Also, in a case where the person doesn’t even know that she was wronged—say, for example, that you spoke loshon hara about someone behind her back—is it constructive to approach the person and say, “Hi, I spoke loshon hara about you this year, do you forgive me?” Would it be better to just leave the person in blissful ignorance?

Also, how do these things change if the person is just an acquaintance instead of a close friend? With a close friend you can pretty much assume that she will/has already forgiven you for anything unspecified you might have done to her. But an acquaintance probably hasn’t even though about your existence long enough to contemplate the possibility that you wronged him/her, so what is the proper thing to do? Call the person up and say, “Hi, I’m SJ, you know, from English class? I sit in the third row near the back? Right, so, um, I’m pretty sure I spoke loshon hara about you this year—are you mochel me?” Is that constructive? And, um, how are you supposed to get her phone number in the first place?

All of this makes me feel that perhaps the proper course of action would be to forego all of this meshugas. That would allow you to focus on asking mechilah for specific actions that you know have hurt others, and for which the injured party still bears a grudge of some sort. If you could call someone up and say, “Remember the time I embarrassed you in front of our friends? I’m really, really sorry about that. The action was beneath me, and I feel sincerely awful about it. Will you forgive me?”—that sounds a lot more like a significant, productive conversation that the others I’ve mentioned.

The problem is that limiting requests for mechilah to the situation I’ve just described doesn’t really line up with the Rambam’s idea, because you haven’t been officially forgiven for all of your chataim bein adam l’chaveiro.

Do you see my issue? Do you have any thoughts?

P.S. If there’s anything I’ve done to hurt or wrong you in the past, either with your knowledge or without, I am sincerely sorry, and I humbly request your mechilah.

No, I really really do.

Monday, September 29, 2008

Contradictory Emotions On Rosh Hashana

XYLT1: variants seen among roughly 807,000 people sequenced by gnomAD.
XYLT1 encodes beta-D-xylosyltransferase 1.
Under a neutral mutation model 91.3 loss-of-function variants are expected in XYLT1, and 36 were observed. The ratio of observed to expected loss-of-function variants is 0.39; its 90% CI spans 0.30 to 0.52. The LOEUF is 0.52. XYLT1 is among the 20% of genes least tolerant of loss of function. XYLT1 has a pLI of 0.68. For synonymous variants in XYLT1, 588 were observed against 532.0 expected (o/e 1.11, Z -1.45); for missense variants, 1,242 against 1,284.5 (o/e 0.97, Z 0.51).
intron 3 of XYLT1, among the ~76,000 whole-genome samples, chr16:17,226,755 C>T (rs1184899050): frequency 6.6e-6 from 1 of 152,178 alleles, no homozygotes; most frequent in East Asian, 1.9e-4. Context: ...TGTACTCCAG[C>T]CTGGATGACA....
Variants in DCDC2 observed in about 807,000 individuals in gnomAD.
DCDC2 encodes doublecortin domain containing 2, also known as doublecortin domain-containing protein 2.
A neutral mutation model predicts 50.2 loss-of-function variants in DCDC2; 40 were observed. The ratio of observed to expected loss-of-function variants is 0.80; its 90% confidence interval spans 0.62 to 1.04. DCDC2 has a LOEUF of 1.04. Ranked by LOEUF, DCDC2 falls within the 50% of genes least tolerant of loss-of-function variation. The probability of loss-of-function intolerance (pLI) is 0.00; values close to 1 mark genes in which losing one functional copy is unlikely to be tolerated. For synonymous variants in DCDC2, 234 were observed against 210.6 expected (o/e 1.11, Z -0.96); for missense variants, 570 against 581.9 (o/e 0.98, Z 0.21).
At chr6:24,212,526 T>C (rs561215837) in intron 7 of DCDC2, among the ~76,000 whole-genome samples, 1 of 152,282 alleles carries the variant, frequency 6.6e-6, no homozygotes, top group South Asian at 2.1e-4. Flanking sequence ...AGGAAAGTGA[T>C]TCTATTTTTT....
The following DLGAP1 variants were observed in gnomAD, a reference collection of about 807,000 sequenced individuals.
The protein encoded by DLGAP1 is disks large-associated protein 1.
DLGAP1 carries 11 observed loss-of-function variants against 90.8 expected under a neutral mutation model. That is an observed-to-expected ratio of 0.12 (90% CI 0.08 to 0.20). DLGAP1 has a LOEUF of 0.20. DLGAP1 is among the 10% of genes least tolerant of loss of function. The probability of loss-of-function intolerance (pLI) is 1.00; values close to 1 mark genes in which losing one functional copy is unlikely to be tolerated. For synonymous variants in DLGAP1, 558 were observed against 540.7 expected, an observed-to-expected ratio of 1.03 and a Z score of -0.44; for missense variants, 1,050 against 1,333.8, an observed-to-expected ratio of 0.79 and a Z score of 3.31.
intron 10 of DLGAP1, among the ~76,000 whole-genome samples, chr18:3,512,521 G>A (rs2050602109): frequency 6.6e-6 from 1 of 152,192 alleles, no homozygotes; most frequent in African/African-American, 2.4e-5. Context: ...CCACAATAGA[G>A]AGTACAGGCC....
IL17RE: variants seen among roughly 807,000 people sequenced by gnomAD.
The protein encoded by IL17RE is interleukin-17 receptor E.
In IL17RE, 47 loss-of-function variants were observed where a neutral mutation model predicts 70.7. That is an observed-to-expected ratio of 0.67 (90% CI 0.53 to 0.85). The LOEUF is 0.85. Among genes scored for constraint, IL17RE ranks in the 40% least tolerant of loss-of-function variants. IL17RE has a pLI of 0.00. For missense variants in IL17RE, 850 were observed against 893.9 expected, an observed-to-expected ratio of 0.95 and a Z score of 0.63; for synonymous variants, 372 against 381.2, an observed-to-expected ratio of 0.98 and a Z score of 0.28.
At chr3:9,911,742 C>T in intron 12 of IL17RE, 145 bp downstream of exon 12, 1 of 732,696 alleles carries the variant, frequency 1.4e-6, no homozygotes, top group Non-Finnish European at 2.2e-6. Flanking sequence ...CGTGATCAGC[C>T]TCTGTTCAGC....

Update 10-12-08: For a slightly different perspective on the same question--yet one that I think can be nicely synthesized with my approach--see here.

I can take very little credit for the content of the following essay. I wrote it last year as part of the midterm of an excellent class entitled "Intellect and Emotion In Jewish Thought," taught by R' J. J. Schachter. All the sources mentioned were taught in class--the only original aspect of the essay is the ending, in which I discuss my personal 'religion in essence'--and even that idea was originated by an amazing friend, though I expanded on it and related it to the sources. Final disclaimer: I apologize for the fact that it isn't all that well-written--given that I wrote it under a time pressure during the midterm, it isn't as lucid as I would otherwise have liked it to be. Nevertheless, I think it presents some interesting and relevant ideas for the chag, so I hope you are able to glean something from it.

Rosh Hashana presents an interesting dilemma. The gemara (Archin 10b) explains why we don’t say hallel on Rosh Hashana: how could we sing shira when the books of life and death are open before Hashem? This indicates an important component of fear on Rosh Hashana. Yet the gemara Yerushalmi explains that we are different than other nations because instead of wearing black at the time of judgment, we wear white and eat and drink and rejoice, confident that Hashem will judge us kindly. These two sentiments seem contradictory.

From the perspective of religion in manifestation (halakhic practice), a choice between the two must be made: may we fast on Rosh Hashanah or not? Do we say ‘vehasianu’ in tefillah or not? Does an avel mourn or not? However, from the perspective of religion in essence (religious thought/emotion), it is not necessary to choose one or the other—rather, we can have a synthesis of both.

The Rambam in Hilchos Chanukah writes that we don’t say hallel because there is no simcha yeteirah on Rosh Hashana. Yet the word “yeteirah” indicates that there is an aspect of simcha in addition to the yirah of Rosh Hashana. The Sefer Hachinuch writes that Rosh Hashana is a gift, a day on which we can achieve forgiveness, and so we should be happy. Yet, it is also appropriate to have extra yirah because of the day’s serious nature.

So the question is: how do we balance these two seemingly contradictory emotions? The Taz offers one solution: our anxiety motivates introspection, which motivates teshuva, which motivates a confidence that we will be judged favorably. However, to me this solution doesn’t seem satisfactory, because according to this opinion the anxiety comes before the confidence, and then as a result of preparation the anxiety is dispelled. So it would seem that by the time Rosh Hashana itself arrives only confidence is present, since the appropriate preparation has occurred.